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How to get work in Gladstone: be a fitter

LOOKING for a job in the Gladstone region?

Your best bet is completing a metal fitter and machinist qualification through high school-based Vocational Education and Training.

About 3107 young students who completed the VET qualification found work in central Queensland.

Electricians (1742), drillers, miners and shot firers (1215), carpenters and joiners (769) and general clerks (768) round out the top five VET graduates to find work in the area, a Queensland School Local Labour Market Profile reveals.

>> Looking for a job? Click here to find work in Gladstone

Education Minister John-Paul Langbroek is today announcing 38 more qualifications and skills program subsidies for students to address skills shortages and boost productivity.

"On top of the qualifications that we already subsidise, areas as diverse as engineering, health, hospitality, mining, tourism, transport, utilities and agriculture are now also government subsidised," Mr Langbroek said.

CQUniversity TAFE pro vice-chancellor Dr Greg McMillan said the 2011 coal-mining boom fed a very strong need for more people with metal fitting and machinery skills.

"Around 2011 you had that really high strong demand for coal so the industry was pumping out a high level of production but on top of that you had a very high growth in construction, whether that was in around the Gladstone area with the ports," Dr McMillan said.

"You almost had a perfect synergy of high demand for product, high growth in the specific industry sectors that drew on the mechanical diesel fitters but, of course, you then dragged in a whole range of allied areas such as the carpentry and the general clerks."

Dr McMillan said there would always be a need for these qualifications.

The qualifications will be subsidised from today and the subsidies for skill sets will be available from January.

Top 10 graduates who found jobs through VET courses in the region

1. Metal fitters and machinists: 3107

2. Electricians: 1742

3. Drillers, miners and shot firers: 1215

4. Carpenters and joiners: 769

5. General clerks: 768

6. Sales assistants (general): 628

7. Motor mechanics: 592

8. Child carers: 573

9. Other building and

engineering technicians: 571

10. Truck drivers: 553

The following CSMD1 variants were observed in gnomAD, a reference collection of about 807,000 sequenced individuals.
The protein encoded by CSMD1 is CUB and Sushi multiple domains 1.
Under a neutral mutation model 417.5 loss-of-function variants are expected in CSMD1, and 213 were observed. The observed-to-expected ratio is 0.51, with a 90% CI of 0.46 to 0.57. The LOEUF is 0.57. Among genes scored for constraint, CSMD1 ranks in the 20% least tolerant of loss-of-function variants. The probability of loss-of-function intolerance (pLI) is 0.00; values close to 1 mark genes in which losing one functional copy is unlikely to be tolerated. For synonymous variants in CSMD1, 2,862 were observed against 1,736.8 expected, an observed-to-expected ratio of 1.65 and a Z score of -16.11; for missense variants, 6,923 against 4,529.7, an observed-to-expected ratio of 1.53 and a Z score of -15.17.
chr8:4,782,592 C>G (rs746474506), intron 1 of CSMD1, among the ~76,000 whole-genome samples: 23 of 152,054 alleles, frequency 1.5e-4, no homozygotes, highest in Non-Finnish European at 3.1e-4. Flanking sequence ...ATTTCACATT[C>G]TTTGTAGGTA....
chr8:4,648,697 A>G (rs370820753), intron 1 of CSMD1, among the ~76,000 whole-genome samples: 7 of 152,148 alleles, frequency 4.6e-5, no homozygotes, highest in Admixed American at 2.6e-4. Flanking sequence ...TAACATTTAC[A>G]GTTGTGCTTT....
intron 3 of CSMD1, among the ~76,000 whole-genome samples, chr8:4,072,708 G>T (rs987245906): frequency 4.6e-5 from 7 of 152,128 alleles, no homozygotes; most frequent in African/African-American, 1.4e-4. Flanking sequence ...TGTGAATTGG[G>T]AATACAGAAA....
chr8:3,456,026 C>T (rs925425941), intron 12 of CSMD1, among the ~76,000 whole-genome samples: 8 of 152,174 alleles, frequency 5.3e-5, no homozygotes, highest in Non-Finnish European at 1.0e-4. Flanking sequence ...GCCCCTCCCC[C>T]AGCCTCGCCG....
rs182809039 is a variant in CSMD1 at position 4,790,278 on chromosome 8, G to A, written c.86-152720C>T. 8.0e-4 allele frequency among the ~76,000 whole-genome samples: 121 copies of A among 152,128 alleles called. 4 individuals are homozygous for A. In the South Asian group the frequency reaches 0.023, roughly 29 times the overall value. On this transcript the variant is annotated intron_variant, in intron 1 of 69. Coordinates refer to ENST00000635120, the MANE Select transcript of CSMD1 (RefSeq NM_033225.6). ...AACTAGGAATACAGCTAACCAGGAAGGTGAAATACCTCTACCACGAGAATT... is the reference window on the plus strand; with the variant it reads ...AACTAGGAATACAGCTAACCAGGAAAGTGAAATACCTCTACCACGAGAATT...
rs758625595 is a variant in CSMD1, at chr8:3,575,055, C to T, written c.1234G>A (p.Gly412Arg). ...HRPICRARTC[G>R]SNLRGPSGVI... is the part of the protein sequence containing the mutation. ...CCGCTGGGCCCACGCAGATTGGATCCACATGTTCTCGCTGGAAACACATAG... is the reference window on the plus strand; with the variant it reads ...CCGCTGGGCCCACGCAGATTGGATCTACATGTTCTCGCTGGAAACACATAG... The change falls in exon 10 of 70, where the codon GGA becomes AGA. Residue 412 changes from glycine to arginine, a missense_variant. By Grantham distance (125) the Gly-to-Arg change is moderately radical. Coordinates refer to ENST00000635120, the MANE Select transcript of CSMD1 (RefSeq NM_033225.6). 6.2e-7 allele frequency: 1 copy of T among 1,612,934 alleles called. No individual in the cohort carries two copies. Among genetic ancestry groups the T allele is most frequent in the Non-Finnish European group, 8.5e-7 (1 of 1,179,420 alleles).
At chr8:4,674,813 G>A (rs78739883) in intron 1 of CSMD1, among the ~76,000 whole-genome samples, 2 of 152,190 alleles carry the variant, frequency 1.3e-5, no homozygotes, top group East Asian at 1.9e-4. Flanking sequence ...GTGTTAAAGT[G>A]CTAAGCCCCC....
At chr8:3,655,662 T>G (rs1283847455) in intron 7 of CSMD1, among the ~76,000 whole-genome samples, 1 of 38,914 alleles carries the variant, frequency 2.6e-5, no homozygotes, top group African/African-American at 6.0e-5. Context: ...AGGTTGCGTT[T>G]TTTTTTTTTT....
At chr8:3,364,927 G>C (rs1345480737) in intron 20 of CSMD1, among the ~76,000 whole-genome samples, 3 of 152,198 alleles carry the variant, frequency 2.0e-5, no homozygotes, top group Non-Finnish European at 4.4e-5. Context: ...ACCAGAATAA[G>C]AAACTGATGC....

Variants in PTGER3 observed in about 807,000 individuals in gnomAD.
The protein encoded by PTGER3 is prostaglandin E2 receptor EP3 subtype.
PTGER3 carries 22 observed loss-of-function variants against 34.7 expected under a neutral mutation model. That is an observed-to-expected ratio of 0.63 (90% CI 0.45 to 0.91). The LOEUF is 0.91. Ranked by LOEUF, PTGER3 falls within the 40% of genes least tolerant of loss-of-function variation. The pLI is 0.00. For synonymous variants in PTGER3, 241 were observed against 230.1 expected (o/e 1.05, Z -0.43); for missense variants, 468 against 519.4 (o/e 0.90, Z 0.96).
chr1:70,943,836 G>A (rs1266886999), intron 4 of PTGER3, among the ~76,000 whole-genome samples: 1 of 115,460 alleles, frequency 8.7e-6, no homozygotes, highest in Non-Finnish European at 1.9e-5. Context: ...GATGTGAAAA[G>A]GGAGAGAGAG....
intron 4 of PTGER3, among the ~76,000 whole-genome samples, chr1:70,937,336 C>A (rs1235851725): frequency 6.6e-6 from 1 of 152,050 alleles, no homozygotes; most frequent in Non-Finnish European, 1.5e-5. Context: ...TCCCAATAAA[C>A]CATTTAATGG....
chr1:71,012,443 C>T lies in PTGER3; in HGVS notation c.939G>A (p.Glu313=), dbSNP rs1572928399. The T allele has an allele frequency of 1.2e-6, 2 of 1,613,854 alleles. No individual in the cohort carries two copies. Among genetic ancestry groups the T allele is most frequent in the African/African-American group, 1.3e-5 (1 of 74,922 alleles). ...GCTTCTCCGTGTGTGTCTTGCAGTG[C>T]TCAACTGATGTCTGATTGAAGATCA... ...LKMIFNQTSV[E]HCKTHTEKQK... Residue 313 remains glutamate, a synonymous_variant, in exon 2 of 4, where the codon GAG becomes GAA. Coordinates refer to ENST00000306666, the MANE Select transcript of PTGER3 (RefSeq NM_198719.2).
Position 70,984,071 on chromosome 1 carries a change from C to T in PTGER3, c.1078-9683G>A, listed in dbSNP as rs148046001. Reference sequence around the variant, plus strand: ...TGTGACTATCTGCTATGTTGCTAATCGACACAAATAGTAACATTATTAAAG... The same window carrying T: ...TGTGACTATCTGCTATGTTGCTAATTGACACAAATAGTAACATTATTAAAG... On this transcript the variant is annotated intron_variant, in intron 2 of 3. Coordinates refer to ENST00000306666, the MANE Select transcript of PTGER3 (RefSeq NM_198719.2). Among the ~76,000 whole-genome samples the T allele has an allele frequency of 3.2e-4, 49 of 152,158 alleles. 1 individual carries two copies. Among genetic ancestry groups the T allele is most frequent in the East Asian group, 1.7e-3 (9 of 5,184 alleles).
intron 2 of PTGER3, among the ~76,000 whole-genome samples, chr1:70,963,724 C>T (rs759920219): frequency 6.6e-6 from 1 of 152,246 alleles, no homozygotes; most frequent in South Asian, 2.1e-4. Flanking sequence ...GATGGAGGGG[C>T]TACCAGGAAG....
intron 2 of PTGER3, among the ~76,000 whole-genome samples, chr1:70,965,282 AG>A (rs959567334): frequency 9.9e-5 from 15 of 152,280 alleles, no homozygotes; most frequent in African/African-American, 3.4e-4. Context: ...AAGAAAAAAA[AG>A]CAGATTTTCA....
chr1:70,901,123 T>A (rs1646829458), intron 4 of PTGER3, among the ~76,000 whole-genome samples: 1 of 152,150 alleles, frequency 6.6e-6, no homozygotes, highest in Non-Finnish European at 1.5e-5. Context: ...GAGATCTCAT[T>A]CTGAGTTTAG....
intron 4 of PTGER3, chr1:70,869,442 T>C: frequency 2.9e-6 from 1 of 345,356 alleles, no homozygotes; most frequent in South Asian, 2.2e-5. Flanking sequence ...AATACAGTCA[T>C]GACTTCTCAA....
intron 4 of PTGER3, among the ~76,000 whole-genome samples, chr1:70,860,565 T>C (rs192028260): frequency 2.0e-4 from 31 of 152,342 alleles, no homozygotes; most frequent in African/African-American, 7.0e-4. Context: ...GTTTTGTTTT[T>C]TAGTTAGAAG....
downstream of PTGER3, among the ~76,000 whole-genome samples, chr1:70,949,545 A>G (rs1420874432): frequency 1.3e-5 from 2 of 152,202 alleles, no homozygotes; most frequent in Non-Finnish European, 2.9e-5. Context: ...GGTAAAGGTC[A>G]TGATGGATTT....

- Source: 2011 Australian Bureau of Statistics Census

- APN NEWSDESK

TECH SAVVY: Recently graduated from his apprenticeship, James Storey shows first-year apprentice Josh Noonan how to work the machinery at Purcell’s Engineering.
TECH SAVVY: Recently graduated from his apprenticeship, James Storey shows first-year apprentice Josh Noonan how to work the machinery at Purcell’s Engineering. Mara Pattison-Sowden

Trade proves to be the right fit for Josh

JOSH Noonan knew he wanted to get into a trade, but it wasn't until he went to a careers expo that he decided to try out as a fitter and turner.

The 17-year-old did work experience for a month with Purcell's Engineering and was taken on this year as an apprentice.

He said the full-time role, which included TAFE studies online, was also hands-on.

"You have to watch and learn," he said. "It challenges your mind and makes you think about what you have to do."

Josh was home-schooled in Gladstone until he went out to get a retail job, but he was determined to get a trade.

"I'm hoping to stay here and see where it takes me," he said.

"People should definitely do work experience to make sure it's something they want to do."

New to the job title of "tradesman", James Storey has just finished his four-year apprenticeship at Purcell's.

"In Gladstone with all this industry around it's great," he said. "There's a huge variety of work and I've been opened up to a lot of different jobs."

Purcell's Engineering director Terry Purcell said the five apprentices were "awesome".

He said it was important that they networked and had the support of the rest of the workplace.

The engineering business has a new opportunity for a first-year apprentice to join the crew at Purcell's.

Topics:  employment, gladstone industry, jobs, trades, vet




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